Lately, as I’ve wrestled with my Nell Letterly mystery series, I’ve been thinking a lot about some of the special challenges of writing a mystery. Here are a few ideas I’ve come up with:
Writing mysteries is like…
…writing an extra-long short story, where every word matters. Extraneous details become smoking guns or red herrings or clues, and all need to be tied up and accounted for in the end. Short stories done well require great craft, and the same is true for mysteries.
…working a cross-word puzzle. Means, motivation, and method all have to match up with suspects and clues and then fit together in the exact spot, in the right order. Anything out of order, and it all falls apart.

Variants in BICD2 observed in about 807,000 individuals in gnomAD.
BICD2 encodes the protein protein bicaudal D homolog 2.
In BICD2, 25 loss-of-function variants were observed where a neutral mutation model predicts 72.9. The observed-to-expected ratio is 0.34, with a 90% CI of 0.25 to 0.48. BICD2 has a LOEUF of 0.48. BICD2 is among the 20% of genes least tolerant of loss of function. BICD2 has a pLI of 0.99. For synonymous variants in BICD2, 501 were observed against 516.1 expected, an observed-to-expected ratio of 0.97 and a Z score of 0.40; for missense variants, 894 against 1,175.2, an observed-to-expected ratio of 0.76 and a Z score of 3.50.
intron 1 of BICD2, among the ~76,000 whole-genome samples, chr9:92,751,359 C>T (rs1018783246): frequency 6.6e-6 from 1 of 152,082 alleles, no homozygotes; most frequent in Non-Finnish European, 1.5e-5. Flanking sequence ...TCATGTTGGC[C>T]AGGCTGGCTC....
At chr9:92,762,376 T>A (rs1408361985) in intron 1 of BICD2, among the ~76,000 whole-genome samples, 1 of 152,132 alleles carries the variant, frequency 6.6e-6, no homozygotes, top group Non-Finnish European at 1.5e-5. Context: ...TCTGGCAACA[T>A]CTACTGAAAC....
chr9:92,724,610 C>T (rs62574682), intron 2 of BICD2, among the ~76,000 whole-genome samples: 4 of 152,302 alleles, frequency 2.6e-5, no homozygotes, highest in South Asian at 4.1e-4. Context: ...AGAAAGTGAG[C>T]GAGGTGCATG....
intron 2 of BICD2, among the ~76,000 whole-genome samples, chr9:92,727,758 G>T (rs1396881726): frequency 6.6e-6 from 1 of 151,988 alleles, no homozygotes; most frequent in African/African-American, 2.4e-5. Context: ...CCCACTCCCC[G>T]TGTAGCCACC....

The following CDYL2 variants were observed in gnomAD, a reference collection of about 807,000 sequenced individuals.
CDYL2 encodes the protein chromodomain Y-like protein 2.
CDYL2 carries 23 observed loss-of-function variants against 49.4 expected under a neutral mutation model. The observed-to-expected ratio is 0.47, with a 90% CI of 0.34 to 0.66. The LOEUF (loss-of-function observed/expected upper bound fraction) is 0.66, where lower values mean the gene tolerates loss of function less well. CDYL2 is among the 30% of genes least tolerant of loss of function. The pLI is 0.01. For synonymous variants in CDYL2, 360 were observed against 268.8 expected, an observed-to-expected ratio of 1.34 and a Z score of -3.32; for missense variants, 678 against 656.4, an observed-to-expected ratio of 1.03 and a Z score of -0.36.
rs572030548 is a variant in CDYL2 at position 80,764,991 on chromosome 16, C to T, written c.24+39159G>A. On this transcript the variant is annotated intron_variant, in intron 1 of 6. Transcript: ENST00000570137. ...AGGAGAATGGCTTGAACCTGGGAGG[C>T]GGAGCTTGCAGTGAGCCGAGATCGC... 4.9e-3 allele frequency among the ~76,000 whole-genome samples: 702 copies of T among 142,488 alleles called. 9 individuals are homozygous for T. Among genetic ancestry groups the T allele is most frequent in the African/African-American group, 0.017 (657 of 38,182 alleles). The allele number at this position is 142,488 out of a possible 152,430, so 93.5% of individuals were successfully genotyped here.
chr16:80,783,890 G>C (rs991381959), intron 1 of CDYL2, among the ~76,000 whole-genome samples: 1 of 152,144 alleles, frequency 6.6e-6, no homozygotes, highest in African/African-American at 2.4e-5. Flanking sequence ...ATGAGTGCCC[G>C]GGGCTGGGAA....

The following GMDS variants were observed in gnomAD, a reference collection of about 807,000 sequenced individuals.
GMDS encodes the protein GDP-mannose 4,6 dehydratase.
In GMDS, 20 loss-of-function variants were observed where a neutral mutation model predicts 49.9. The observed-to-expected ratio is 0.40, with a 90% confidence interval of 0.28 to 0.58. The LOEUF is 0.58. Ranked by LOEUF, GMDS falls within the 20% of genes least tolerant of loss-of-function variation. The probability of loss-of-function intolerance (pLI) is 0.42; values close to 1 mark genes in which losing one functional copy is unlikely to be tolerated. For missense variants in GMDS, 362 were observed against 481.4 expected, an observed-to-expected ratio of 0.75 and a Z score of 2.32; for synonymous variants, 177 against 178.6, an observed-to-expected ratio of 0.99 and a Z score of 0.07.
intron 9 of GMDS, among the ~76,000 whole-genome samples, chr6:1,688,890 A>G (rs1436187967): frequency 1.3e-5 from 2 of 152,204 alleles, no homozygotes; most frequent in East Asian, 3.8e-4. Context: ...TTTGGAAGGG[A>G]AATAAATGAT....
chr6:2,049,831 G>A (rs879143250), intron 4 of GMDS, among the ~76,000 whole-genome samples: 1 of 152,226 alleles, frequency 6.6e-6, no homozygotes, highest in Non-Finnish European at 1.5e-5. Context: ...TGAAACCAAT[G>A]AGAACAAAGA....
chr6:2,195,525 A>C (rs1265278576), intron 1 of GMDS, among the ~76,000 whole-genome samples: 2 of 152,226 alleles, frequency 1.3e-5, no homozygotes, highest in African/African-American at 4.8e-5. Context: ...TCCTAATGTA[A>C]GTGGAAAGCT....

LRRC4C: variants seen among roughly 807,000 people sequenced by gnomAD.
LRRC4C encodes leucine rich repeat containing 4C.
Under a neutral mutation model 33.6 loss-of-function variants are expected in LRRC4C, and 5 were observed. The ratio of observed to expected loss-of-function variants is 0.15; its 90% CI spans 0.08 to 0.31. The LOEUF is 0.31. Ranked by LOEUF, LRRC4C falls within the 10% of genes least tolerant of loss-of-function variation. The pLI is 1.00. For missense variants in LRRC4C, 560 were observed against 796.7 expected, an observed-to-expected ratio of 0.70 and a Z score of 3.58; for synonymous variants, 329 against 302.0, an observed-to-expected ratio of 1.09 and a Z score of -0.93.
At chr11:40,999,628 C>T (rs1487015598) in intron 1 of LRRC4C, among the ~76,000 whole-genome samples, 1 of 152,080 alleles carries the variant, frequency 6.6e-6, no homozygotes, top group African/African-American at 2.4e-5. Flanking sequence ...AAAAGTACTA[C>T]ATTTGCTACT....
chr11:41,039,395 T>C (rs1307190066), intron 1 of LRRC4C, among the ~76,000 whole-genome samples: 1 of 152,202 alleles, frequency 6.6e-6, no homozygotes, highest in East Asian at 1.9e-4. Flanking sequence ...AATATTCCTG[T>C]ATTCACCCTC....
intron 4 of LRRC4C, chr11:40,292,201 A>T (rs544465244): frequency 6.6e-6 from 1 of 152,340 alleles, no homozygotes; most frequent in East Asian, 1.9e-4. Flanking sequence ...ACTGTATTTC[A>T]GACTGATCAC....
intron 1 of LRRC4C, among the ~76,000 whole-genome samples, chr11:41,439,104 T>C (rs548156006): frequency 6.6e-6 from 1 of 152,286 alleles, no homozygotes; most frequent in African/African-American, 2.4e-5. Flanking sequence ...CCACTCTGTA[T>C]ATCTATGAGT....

…writing a math formula and then solving it creatively. You have to write the same, using logical pieces that add up to a whole, and yet you have to be different.
…playing bridge, where you have to count your clues (er, cards) and figure out who’s holding what and in what order your cast of characters will play them. Will you take control of the game, or will you be left vulnerable?
…working a jigsaw puzzle without the picture to guide you. You hope that the bits of images that you place around a blank board will ultimately fit together into a sensible, overall vision.
…training to become half a dozen professionals, all rolled into one: psychoanalysis, forensics, logic, criminology, ballistics, medical treatment, as well as language skills and whatever other special topic your theme covers.
This is just the beginning. I’m sure there are many others!